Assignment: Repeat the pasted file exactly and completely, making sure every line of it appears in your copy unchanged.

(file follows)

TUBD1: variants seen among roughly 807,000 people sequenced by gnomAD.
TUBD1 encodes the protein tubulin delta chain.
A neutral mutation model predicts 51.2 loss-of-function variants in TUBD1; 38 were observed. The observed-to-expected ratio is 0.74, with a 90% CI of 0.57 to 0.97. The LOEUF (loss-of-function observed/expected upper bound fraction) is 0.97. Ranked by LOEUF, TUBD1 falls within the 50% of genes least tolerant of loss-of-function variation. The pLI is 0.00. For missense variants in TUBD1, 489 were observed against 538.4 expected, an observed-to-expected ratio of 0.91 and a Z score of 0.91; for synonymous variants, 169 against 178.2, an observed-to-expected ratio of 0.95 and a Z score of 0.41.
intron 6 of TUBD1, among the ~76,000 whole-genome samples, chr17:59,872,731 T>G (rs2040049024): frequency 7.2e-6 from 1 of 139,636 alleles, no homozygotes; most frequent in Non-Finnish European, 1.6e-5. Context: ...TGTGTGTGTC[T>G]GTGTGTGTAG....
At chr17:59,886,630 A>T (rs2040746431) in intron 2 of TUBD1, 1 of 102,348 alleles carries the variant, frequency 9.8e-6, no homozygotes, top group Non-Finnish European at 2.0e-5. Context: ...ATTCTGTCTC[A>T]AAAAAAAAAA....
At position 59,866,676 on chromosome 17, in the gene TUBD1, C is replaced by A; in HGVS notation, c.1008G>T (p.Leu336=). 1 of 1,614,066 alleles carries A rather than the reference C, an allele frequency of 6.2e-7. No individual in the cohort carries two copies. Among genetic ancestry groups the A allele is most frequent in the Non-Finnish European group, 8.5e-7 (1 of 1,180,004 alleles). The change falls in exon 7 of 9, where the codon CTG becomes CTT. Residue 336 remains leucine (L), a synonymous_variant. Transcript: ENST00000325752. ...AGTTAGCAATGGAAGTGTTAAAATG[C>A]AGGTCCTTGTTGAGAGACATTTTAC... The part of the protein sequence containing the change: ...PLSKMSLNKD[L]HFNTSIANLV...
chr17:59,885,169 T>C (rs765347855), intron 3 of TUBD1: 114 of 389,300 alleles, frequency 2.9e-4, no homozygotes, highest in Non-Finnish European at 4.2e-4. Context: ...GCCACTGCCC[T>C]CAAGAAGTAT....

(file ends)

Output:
TUBD1: variants seen among roughly 807,000 people sequenced by gnomAD.
TUBD1 encodes the protein tubulin delta chain.
A neutral mutation model predicts 51.2 loss-of-function variants in TUBD1; 38 were observed. The observed-to-expected ratio is 0.74, with a 90% CI of 0.57 to 0.97. The LOEUF (loss-of-function observed/expected upper bound fraction) is 0.97. Ranked by LOEUF, TUBD1 falls within the 50% of genes least tolerant of loss-of-function variation. The pLI is 0.00. For missense variants in TUBD1, 489 were observed against 538.4 expected, an observed-to-expected ratio of 0.91 and a Z score of 0.91; for synonymous variants, 169 against 178.2, an observed-to-expected ratio of 0.95 and a Z score of 0.41.
intron 6 of TUBD1, among the ~76,000 whole-genome samples, chr17:59,872,731 T>G (rs2040049024): frequency 7.2e-6 from 1 of 139,636 alleles, no homozygotes; most frequent in Non-Finnish European, 1.6e-5. Context: ...TGTGTGTGTC[T>G]GTGTGTGTAG....
At chr17:59,886,630 A>T (rs2040746431) in intron 2 of TUBD1, 1 of 102,348 alleles carries the variant, frequency 9.8e-6, no homozygotes, top group Non-Finnish European at 2.0e-5. Context: ...ATTCTGTCTC[A>T]AAAAAAAAAA....
At position 59,866,676 on chromosome 17, in the gene TUBD1, C is replaced by A; in HGVS notation, c.1008G>T (p.Leu336=). 1 of 1,614,066 alleles carries A rather than the reference C, an allele frequency of 6.2e-7. No individual in the cohort carries two copies. Among genetic ancestry groups the A allele is most frequent in the Non-Finnish European group, 8.5e-7 (1 of 1,180,004 alleles). The change falls in exon 7 of 9, where the codon CTG becomes CTT. Residue 336 remains leucine (L), a synonymous_variant. Transcript: ENST00000325752. ...AGTTAGCAATGGAAGTGTTAAAATG[C>A]AGGTCCTTGTTGAGAGACATTTTAC... The part of the protein sequence containing the change: ...PLSKMSLNKD[L]HFNTSIANLV...
chr17:59,885,169 T>C (rs765347855), intron 3 of TUBD1: 114 of 389,300 alleles, frequency 2.9e-4, no homozygotes, highest in Non-Finnish European at 4.2e-4. Context: ...GCCACTGCCC[T>C]CAAGAAGTAT....